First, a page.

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Old 12-16-03, 09:55 AM   #1
GreenFix
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Brake Question

I have an old mountain frame, and I am interested in fitting it with 700cm wheels. I know the wheels will fit with plenty of clearance for tires, etc. My problem is brakes. The frame and fork are not disk compatible. They have cantilever posts, but I can't get enought reach from my current cantilever set up to reach a 700cm rim. Does anyone know of a solution?

Do linear pull brakes have a larger range on where you can set the pads?

Can I mount a road style caliper? The frame and fork are drilled where you would expect a caliper to mount. I think reflectors were mounted there when I purchased the bike.

Thanks in advance for any info.

The frame: a 1992 scott 4130 frame with horizontal drops, 130mm rear spacing, and a 1" headtube.
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Old 12-16-03, 11:37 AM   #2
Dave Stohler
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Here's the solution:

Take it to a frame builder, and have the posts moved. Then have the frame repainted. Should cost you about $250.
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Old 12-16-03, 03:41 PM   #3
Michel Gagnon
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V-brakes are easier to adjust, but they have much less adjustability than cantilevers.

Have you tried to angle the brake pads down? Braking efficiency shouldn't matter if you angle them down a few degrees.
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Old 12-16-03, 06:28 PM   #4
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You could try a sidepull caliper. There are several aftermarket brakes available that work quite well. I even used a cheap ($12) BMX alloy sidepull and am impressed with the performance. There are some nice dual pivot sidepulls that'll probably suffice. Brake reach will have to be determined, however, since you're changing rim diameter.

I suspect going this route would be cheaper than having the cantilever posts moved.
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Old 12-16-03, 06:51 PM   #5
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I think that those holes drilled are for fenders. I could be wrong though, but it seems really strange to have a frame and fork drilled for V-brakes and sidepulls.
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Old 12-17-03, 06:31 AM   #6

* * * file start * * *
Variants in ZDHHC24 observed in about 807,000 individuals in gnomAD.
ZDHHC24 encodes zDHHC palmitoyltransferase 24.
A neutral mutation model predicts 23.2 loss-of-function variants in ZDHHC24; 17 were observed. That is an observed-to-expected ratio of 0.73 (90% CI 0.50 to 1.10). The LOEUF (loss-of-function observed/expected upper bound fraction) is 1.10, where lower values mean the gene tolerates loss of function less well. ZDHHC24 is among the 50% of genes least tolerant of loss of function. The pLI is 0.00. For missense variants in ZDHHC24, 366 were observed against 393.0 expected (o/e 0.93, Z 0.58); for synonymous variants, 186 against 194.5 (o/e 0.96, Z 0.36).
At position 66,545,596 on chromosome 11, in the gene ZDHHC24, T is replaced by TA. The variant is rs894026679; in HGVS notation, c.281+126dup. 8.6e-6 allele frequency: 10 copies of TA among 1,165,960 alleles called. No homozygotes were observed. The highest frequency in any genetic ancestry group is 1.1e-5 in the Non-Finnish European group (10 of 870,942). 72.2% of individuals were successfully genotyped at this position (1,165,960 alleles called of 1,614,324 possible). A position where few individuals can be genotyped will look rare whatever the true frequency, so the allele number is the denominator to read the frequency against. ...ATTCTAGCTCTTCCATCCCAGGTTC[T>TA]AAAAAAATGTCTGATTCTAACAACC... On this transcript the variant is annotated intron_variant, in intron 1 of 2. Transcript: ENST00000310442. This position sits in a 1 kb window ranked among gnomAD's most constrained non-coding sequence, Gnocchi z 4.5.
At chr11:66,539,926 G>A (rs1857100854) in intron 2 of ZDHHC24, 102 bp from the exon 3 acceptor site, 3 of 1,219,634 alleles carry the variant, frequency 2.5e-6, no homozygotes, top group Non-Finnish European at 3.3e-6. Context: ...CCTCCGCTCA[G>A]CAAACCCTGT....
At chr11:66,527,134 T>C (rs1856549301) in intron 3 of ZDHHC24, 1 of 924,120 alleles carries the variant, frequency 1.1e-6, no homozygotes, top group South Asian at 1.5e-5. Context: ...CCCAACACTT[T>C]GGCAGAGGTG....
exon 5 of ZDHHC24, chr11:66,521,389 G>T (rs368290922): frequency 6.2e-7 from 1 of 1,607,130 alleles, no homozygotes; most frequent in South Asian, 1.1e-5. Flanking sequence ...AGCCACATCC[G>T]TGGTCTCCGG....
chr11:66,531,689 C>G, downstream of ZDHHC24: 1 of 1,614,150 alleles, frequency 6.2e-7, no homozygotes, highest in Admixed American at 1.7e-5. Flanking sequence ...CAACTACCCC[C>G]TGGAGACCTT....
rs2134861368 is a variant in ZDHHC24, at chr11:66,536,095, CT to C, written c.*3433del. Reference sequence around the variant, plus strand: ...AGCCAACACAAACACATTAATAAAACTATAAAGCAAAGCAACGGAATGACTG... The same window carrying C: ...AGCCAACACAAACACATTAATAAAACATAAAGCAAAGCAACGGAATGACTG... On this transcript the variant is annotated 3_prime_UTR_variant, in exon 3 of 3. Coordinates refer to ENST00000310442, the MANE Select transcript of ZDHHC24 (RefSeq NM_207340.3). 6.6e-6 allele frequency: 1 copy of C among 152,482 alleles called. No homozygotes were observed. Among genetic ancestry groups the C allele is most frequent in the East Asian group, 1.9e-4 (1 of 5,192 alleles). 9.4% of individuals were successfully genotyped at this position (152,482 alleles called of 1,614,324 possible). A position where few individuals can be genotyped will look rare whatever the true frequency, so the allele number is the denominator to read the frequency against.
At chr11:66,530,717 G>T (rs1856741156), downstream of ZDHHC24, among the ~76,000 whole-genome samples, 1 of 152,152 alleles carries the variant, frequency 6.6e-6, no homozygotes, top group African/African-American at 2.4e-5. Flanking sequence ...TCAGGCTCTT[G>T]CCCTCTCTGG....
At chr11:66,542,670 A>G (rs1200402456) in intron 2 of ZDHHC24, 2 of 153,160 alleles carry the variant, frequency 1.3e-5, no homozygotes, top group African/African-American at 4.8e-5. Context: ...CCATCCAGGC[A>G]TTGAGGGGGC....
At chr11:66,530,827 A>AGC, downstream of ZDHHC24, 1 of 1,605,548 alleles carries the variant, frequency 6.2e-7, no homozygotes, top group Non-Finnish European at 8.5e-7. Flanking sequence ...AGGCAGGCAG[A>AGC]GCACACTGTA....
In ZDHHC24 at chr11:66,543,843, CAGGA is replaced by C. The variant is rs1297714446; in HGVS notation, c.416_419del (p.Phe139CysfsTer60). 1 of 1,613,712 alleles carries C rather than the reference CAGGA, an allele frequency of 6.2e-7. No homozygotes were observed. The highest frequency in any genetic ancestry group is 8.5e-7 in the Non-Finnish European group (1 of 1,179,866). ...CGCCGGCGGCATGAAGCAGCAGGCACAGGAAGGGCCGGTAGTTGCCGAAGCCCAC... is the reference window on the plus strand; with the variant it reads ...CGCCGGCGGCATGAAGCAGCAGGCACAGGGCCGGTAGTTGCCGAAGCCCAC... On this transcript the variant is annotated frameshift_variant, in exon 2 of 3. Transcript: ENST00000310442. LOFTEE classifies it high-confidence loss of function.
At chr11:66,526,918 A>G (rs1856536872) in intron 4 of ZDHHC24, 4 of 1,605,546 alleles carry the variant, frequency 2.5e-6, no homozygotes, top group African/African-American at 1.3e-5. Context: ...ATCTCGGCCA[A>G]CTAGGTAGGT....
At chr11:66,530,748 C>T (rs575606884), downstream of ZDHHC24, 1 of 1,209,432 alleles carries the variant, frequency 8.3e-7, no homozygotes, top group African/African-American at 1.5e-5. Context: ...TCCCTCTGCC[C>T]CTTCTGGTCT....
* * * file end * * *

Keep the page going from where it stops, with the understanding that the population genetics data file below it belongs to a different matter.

Dave Stohler
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Yeah, that bridge is gonna break if you install a caliper on it. The only real solution is the one I mentioned.
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Old 12-17-03, 09:40 AM   #7
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Quote:
Originally Posted by Dave Stohler
Yeah, that bridge is gonna break if you install a caliper on it. The only real solution is the one I mentioned.

Thanks for the information and advice. I suspected that this was the only solution. This project may need to be put aside for now until I get some $$$. It was meant to be a relatively cheap build of a commuter using spare/abandoned parts.

Thanks again.
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Old 12-17-03, 02:42 PM   #8
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Quote:
The frame: a 1992 scott 4130 frame with horizontal drops, 130mm rear spacing, and a 1" headtube.
Sounds like a Chenango, maybe a Boulder. I miss my Chenango. Personallt, I would just put some super-narrow 26" rims on it if it was me. The frame probably isnt worth sinking an additional $250 into it just to build up as a cheap commuter.
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Old 12-18-03, 08:50 AM   #9
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Originally Posted by stumpjumper
Sounds like a Chenango, maybe a Boulder. I miss my Chenango. Personallt, I would just put some super-narrow 26" rims on it if it was me. The frame probably isnt worth sinking an additional $250 into it just to build up as a cheap commuter.

Yeah I agree.

I was curious about brakes and the 700cm rims, because I was interested in trying out fixed gear riding, and it is not easy to find cheap 26" fixed gear wheels. I am not really intersted in riding brakeless even if the drivetrain is fixed.

As for the Scott, I think the model was the peak. It had low end components on it, alivio riveted crank, alivio shifters. etc., but it was my first real bike shop bike, and the frame is still very solid. I now have a road bike (my second bike shop bike), and I have built up another mountain bike from an old abandoned Trek and the salvageable parts from the Scott. I will probably just move the parts back from the Trek onto the Scott, and upgrade the mountain bike.
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Old 12-25-03, 12:03 AM   #10
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Can you find a wheel with a hub brake instead?
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